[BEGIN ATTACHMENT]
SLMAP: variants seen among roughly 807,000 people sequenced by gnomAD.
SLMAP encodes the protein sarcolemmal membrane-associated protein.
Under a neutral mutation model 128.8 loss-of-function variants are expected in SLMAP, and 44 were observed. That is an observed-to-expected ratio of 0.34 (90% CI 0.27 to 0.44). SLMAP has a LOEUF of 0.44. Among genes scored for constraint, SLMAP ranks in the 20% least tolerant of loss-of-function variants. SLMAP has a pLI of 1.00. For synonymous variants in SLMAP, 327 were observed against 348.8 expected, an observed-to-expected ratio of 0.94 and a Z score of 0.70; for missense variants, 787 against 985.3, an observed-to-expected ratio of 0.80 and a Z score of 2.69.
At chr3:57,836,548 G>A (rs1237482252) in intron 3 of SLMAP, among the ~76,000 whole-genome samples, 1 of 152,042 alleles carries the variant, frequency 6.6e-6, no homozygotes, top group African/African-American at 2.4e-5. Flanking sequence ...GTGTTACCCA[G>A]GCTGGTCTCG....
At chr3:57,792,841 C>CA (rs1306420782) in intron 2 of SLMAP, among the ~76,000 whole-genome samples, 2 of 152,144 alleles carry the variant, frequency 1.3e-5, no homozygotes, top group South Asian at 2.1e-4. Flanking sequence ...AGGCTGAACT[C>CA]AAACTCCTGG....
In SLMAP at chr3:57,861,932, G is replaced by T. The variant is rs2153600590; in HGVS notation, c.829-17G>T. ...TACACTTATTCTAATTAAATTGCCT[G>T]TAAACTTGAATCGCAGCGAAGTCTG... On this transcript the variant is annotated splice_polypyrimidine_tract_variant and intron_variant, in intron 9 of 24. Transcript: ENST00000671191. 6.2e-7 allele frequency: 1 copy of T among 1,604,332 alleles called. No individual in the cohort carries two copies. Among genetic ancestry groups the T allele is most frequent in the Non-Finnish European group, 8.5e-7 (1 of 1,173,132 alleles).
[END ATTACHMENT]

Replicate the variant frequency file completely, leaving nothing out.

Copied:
SLMAP: variants seen among roughly 807,000 people sequenced by gnomAD.
SLMAP encodes the protein sarcolemmal membrane-associated protein.
Under a neutral mutation model 128.8 loss-of-function variants are expected in SLMAP, and 44 were observed. That is an observed-to-expected ratio of 0.34 (90% CI 0.27 to 0.44). SLMAP has a LOEUF of 0.44. Among genes scored for constraint, SLMAP ranks in the 20% least tolerant of loss-of-function variants. SLMAP has a pLI of 1.00. For synonymous variants in SLMAP, 327 were observed against 348.8 expected, an observed-to-expected ratio of 0.94 and a Z score of 0.70; for missense variants, 787 against 985.3, an observed-to-expected ratio of 0.80 and a Z score of 2.69.
At chr3:57,836,548 G>A (rs1237482252) in intron 3 of SLMAP, among the ~76,000 whole-genome samples, 1 of 152,042 alleles carries the variant, frequency 6.6e-6, no homozygotes, top group African/African-American at 2.4e-5. Flanking sequence ...GTGTTACCCA[G>A]GCTGGTCTCG....
At chr3:57,792,841 C>CA (rs1306420782) in intron 2 of SLMAP, among the ~76,000 whole-genome samples, 2 of 152,144 alleles carry the variant, frequency 1.3e-5, no homozygotes, top group South Asian at 2.1e-4. Flanking sequence ...AGGCTGAACT[C>CA]AAACTCCTGG....
In SLMAP at chr3:57,861,932, G is replaced by T. The variant is rs2153600590; in HGVS notation, c.829-17G>T. ...TACACTTATTCTAATTAAATTGCCT[G>T]TAAACTTGAATCGCAGCGAAGTCTG... On this transcript the variant is annotated splice_polypyrimidine_tract_variant and intron_variant, in intron 9 of 24. Transcript: ENST00000671191. 6.2e-7 allele frequency: 1 copy of T among 1,604,332 alleles called. No individual in the cohort carries two copies. Among genetic ancestry groups the T allele is most frequent in the Non-Finnish European group, 8.5e-7 (1 of 1,173,132 alleles).